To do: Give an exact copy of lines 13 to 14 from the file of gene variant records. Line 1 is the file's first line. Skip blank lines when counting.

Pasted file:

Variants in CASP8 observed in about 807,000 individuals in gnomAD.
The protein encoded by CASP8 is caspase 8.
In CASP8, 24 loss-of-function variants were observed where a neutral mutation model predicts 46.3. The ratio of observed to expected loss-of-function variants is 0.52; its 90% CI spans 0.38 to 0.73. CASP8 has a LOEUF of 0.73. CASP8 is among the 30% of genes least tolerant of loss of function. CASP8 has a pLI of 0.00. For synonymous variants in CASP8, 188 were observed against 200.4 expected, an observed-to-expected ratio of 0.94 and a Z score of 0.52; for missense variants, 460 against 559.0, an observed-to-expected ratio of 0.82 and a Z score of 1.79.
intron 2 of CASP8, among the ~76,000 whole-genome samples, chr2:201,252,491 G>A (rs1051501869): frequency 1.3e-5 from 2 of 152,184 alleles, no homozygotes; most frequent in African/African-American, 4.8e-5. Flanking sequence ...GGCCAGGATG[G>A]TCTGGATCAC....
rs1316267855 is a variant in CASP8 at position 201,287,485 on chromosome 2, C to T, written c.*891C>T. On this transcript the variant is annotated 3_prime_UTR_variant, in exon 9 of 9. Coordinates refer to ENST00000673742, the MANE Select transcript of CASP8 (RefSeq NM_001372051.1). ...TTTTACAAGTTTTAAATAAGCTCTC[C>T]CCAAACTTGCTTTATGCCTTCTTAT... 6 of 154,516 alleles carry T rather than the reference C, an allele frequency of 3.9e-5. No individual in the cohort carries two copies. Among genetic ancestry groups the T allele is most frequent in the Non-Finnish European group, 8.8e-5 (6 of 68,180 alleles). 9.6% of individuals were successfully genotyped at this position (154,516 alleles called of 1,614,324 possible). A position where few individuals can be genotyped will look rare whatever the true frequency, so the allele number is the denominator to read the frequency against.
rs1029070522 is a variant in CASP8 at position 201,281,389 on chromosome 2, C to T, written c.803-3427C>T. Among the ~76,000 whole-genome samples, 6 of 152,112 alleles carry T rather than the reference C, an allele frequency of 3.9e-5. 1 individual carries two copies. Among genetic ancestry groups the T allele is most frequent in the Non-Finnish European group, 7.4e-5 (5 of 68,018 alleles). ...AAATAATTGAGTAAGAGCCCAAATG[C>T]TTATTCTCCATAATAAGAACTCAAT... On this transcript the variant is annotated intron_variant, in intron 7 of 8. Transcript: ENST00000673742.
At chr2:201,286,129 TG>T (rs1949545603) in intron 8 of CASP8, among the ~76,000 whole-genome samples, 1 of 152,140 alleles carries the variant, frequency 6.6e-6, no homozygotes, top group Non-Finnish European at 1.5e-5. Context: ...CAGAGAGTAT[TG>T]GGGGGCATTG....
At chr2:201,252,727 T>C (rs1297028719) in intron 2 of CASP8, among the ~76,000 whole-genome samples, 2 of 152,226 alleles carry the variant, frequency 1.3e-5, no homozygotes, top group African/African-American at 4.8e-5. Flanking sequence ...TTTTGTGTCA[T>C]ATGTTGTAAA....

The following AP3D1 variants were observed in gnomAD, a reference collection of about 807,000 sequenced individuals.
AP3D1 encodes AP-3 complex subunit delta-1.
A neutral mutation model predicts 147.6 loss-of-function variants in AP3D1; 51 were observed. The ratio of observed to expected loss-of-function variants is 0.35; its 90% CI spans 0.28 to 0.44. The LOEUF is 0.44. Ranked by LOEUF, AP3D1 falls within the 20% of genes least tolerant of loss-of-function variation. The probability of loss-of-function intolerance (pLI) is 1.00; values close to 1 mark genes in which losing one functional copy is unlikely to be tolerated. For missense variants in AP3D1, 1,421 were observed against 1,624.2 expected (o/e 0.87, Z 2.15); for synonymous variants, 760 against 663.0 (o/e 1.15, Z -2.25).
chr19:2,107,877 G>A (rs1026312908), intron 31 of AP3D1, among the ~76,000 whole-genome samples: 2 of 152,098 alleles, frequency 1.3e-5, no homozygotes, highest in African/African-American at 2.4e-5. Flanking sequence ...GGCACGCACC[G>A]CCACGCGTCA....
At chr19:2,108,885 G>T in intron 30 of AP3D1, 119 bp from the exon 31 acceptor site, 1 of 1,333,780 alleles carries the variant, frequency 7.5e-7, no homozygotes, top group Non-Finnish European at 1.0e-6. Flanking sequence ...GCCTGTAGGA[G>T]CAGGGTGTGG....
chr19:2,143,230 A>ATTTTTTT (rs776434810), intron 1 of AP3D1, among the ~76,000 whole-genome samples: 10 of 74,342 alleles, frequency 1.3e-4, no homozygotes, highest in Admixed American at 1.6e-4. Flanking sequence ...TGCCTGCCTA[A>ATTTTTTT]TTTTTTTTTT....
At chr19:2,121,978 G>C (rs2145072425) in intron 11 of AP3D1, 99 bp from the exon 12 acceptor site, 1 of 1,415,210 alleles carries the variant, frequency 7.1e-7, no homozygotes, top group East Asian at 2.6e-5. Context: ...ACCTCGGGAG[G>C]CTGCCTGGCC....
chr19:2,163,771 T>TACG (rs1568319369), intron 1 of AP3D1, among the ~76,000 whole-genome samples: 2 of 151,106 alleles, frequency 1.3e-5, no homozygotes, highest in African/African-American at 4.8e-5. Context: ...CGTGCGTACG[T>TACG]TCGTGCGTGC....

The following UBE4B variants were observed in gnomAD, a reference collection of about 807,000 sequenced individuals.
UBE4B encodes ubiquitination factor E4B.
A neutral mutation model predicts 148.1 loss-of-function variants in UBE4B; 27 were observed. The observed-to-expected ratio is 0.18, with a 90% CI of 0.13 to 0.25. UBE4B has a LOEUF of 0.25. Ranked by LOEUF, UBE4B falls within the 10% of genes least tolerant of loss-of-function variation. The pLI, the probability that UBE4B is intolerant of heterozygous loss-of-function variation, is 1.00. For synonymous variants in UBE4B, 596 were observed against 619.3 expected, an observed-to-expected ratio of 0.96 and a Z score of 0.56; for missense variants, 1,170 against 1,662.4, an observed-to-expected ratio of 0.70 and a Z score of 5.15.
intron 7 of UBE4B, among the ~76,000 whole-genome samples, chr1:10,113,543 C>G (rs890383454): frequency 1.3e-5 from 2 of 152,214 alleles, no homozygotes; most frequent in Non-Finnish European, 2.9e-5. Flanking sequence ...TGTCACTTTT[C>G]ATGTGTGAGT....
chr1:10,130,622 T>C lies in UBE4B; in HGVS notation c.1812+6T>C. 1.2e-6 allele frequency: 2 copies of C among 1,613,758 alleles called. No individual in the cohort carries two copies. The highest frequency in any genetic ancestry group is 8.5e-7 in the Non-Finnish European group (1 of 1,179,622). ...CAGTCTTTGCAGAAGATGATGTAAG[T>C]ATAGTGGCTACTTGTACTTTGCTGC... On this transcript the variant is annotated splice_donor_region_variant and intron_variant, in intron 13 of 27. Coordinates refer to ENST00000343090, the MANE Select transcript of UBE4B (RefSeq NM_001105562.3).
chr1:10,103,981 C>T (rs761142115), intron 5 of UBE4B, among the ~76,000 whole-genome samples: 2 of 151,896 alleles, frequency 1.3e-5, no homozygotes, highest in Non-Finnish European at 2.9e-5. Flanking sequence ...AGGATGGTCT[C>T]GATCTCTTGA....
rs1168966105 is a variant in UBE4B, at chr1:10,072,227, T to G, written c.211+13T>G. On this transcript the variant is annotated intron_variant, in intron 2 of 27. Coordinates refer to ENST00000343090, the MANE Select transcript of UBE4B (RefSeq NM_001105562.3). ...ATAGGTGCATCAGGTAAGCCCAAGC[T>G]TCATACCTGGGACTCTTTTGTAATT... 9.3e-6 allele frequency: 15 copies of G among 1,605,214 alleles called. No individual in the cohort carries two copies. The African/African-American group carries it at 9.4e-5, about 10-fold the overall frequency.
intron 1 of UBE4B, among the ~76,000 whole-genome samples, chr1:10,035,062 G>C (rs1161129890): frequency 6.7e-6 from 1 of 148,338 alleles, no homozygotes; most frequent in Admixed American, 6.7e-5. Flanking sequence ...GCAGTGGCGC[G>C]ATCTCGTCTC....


At chr19:2,108,885 G>T in intron 30 of AP3D1, 119 bp from the exon 31 acceptor site, 1 of 1,333,780 alleles carries the variant, frequency 7.5e-7, no homozygotes, top group Non-Finnish European at 1.0e-6. Flanking sequence ...GCCTGTAGGA[G>T]CAGGGTGTGG....
chr19:2,143,230 A>ATTTTTTT (rs776434810), intron 1 of AP3D1, among the ~76,000 whole-genome samples: 10 of 74,342 alleles, frequency 1.3e-4, no homozygotes, highest in Admixed American at 1.6e-4. Flanking sequence ...TGCCTGCCTA[A>ATTTTTTT]TTTTTTTTTT....